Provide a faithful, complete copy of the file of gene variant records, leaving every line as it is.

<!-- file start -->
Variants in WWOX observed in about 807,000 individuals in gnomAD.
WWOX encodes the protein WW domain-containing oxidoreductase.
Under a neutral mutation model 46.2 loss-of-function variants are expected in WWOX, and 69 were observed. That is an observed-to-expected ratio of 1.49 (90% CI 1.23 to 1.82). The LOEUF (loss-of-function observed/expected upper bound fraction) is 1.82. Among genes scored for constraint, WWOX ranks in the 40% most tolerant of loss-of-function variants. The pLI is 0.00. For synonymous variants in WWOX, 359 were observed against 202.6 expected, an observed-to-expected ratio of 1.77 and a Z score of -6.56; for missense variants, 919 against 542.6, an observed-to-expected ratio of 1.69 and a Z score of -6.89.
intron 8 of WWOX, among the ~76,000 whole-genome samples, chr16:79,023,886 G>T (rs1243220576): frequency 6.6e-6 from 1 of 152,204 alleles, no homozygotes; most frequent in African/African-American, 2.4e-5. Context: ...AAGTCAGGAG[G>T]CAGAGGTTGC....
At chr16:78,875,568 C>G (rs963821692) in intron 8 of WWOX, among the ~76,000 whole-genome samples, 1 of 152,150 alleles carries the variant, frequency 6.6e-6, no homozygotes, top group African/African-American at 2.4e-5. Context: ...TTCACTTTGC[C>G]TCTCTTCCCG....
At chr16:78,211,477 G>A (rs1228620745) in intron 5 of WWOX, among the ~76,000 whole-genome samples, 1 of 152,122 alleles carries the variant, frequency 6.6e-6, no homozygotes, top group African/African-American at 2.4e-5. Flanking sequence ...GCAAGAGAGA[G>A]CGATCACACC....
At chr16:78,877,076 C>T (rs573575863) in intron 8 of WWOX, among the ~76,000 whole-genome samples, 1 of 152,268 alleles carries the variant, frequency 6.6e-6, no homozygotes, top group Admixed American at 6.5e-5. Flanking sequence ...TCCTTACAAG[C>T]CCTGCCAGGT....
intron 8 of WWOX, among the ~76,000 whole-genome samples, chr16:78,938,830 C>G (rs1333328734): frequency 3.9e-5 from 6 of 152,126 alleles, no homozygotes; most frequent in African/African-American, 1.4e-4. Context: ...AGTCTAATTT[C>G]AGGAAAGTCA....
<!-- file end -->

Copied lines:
Variants in WWOX observed in about 807,000 individuals in gnomAD.
WWOX encodes the protein WW domain-containing oxidoreductase.
Under a neutral mutation model 46.2 loss-of-function variants are expected in WWOX, and 69 were observed. That is an observed-to-expected ratio of 1.49 (90% CI 1.23 to 1.82). The LOEUF (loss-of-function observed/expected upper bound fraction) is 1.82. Among genes scored for constraint, WWOX ranks in the 40% most tolerant of loss-of-function variants. The pLI is 0.00. For synonymous variants in WWOX, 359 were observed against 202.6 expected, an observed-to-expected ratio of 1.77 and a Z score of -6.56; for missense variants, 919 against 542.6, an observed-to-expected ratio of 1.69 and a Z score of -6.89.
intron 8 of WWOX, among the ~76,000 whole-genome samples, chr16:79,023,886 G>T (rs1243220576): frequency 6.6e-6 from 1 of 152,204 alleles, no homozygotes; most frequent in African/African-American, 2.4e-5. Context: ...AAGTCAGGAG[G>T]CAGAGGTTGC....
At chr16:78,875,568 C>G (rs963821692) in intron 8 of WWOX, among the ~76,000 whole-genome samples, 1 of 152,150 alleles carries the variant, frequency 6.6e-6, no homozygotes, top group African/African-American at 2.4e-5. Context: ...TTCACTTTGC[C>G]TCTCTTCCCG....
At chr16:78,211,477 G>A (rs1228620745) in intron 5 of WWOX, among the ~76,000 whole-genome samples, 1 of 152,122 alleles carries the variant, frequency 6.6e-6, no homozygotes, top group African/African-American at 2.4e-5. Flanking sequence ...GCAAGAGAGA[G>A]CGATCACACC....
At chr16:78,877,076 C>T (rs573575863) in intron 8 of WWOX, among the ~76,000 whole-genome samples, 1 of 152,268 alleles carries the variant, frequency 6.6e-6, no homozygotes, top group Admixed American at 6.5e-5. Flanking sequence ...TCCTTACAAG[C>T]CCTGCCAGGT....
intron 8 of WWOX, among the ~76,000 whole-genome samples, chr16:78,938,830 C>G (rs1333328734): frequency 3.9e-5 from 6 of 152,126 alleles, no homozygotes; most frequent in African/African-American, 1.4e-4. Context: ...AGTCTAATTT[C>G]AGGAAAGTCA....